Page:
if (Boolean(value) === true) {
  // if coerced to true and equal to true, condition passes
}

All values either truthy / falsy

JavaScript will take any data type within a conditional and turn it into true or false. The question is—how do we know which it will be?

This leads us to two very important concepts when determining the outcome of any conditional in JS: truthy and falsy.

We can divide all data in JavaScript that’s not a boolean (true / false) in to one of these two categories: truthy or falsy.

When a value is truthy, that means it will be coerced to the boolean true in a conditional. On the other hand, if a value is falsy, it will be coerced to the boolean false.

But enough explaining, let’s take a look at some examples. For example a simple if else, passing in a non-boolean value, a string. Based on what we know now about how conditionals in JS work, when 'hello' is coerced to a boolean, is the boolean true, our if condition will be met and we'll see the text run. Otherwise, if it's not met, if 'hello' is coerced to false, our else condition will run and we'll see 'skipped'.

Before we run this, what do you think the outcome will be?

if ("hello") {
  console.log("run!");
} else {
  console.log("skipped");
}

If we run, this, we see 'run'. So based off of what we already know, we only knew we'd only see run if the conditional evaluated to true. So ‘hello’ was coerced to true by JavaScript and according to our previous definition it is a truthy value.

Now what if we replace the string 'hello' with a number, say, 0? What will the outcome of the conditional be and therefore what do you think 0 is--either truthy or falsy?

if (0) {
console.log(‘run!)
} else {
console.log(’skipped’)
}

Here we see 'skipped', meaning 0 was coerced to the boolean false, causing the else condition to run instead. This coercion tells us that 0 is a falsy value, meaning, it becomes false when coerced to a boolean.

Rules for truthy / falsy

So after running these two examples, you might be asking how do we keep all of these values straight? If we don't pass a boolean value to a conditional, how do we know what the outcome of the conditional will be before we actually run it, that is, at runtime? As JS developers, do we have to run every single non-boolean value through a conditional first to see whether it is truthy or falsy?

No, in fact, to keep everything straight you just have to remember 6 values:

false
0 (zero)
‘’ / "" / `` (empty strings in single, double quotes and template literals)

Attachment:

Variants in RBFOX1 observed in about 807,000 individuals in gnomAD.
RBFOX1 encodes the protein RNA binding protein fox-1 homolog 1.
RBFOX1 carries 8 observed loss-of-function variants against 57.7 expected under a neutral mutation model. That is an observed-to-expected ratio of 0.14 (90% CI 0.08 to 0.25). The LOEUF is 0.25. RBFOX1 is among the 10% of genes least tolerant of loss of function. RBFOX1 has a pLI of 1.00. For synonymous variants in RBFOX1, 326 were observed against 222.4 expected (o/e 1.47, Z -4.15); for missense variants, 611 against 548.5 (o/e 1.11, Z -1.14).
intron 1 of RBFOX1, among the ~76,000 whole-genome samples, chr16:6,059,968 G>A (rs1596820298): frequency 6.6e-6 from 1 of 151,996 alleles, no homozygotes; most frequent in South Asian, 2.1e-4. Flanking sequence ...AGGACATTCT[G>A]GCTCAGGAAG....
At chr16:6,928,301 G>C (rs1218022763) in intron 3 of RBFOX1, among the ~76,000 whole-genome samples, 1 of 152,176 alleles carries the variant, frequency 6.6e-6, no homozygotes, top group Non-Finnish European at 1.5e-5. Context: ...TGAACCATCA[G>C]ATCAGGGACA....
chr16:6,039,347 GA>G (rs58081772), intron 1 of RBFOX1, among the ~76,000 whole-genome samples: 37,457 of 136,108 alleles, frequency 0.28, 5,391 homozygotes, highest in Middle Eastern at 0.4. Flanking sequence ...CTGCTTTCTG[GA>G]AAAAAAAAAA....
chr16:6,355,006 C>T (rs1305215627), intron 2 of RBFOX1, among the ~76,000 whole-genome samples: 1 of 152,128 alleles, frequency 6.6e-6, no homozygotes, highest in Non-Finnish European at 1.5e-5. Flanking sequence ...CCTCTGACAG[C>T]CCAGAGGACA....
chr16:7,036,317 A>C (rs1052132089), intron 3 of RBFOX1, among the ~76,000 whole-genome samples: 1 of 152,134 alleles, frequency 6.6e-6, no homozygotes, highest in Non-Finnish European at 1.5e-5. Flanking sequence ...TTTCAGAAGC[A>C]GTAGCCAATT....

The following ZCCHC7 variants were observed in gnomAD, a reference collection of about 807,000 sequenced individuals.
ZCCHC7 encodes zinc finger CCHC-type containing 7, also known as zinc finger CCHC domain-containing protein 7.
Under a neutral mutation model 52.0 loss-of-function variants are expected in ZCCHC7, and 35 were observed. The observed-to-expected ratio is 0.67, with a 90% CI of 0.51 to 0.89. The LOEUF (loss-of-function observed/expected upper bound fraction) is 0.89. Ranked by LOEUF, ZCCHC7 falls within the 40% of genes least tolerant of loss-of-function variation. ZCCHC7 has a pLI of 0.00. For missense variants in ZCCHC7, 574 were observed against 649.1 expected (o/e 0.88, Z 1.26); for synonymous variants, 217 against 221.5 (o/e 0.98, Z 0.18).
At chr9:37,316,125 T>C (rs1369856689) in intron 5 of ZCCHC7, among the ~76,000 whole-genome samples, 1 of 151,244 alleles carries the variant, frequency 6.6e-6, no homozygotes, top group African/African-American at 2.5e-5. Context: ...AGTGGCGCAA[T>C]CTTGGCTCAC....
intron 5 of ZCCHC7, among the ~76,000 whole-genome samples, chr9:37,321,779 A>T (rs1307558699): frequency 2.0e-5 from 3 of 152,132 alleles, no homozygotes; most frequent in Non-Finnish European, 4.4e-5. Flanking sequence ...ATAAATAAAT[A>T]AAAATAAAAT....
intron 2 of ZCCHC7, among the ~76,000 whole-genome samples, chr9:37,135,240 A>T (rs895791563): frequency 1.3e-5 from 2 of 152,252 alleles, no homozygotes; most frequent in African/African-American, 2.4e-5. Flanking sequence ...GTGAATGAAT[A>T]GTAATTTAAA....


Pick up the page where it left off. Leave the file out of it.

null
undefined
NaN

These are all of the falsy values. Remember these and you’ll keep everything straight. Why? Because as I mentioned, everything that is not falsy is truthy.

The most important ones you will encounter a great deal is false, null, and undefined. False is obvious, but most of the time, we are going to be checking for undefined or NaN.

Why does JS behave like this?

You might be wondering why JS behaves like this? Why are values coerced to a boolean instead of throwing an error and telling us we need to supply a boolean?

The reason for the silent failures is historical: JavaScript did not have exceptions until ECMAScript 3. Since then, its designers have tried to avoid silent failures.

Tips to handle truthy / falsy values

Truthy and falsy values can trip up the most experienced developers. So how do we deal with them? How do we avoid running into issues with them? Here are some tips to avoid problems or unexpected results when comparing JS data:

  1. Avoid direct comparisons

It’s rarely necessary to compare two truthy and falsy values when a single value will always equate to true or false:

// instead of
if (x == false) // ...
// runs if x is false, 0, '', or []

// use
if (!x) // ...
// runs if x is false, 0, '', NaN, null or undefined
  1. Use the triple equals ===, also known as the strict equality operator

We want to use the strict equality (or strict inequality, !==) comparisons to compare values and because they don't allow type conversion. This is as compared to the double equals, == or loose equality operator which will convert types at times:

// instead of
if (x == y) // ...
// runs if x and y are both truthy or both falsy
// e.g. x = null and y = undefined

// use
if (x === y) // ...
// runs if x and y are identical...
// except when both are NaN
  1. Convert to real Boolean values where necessary

Any value can be converted to a real Boolean value using a double-negative !! to be absolutely certain a false is generated only by false, 0, "", null, undefined and NaN:

// instead of
if (x === y) // ...
// runs if x and y are identical...
// except when both are NaN

// use
if (!!x === !!y) // ...
// runs if x and y are identical...
// including when either or both are NaN

Or to be even more explicit, use the Boolean function for more declarative type conversion:

if (Boolean(x) === Boolean(y)) {
  ...
}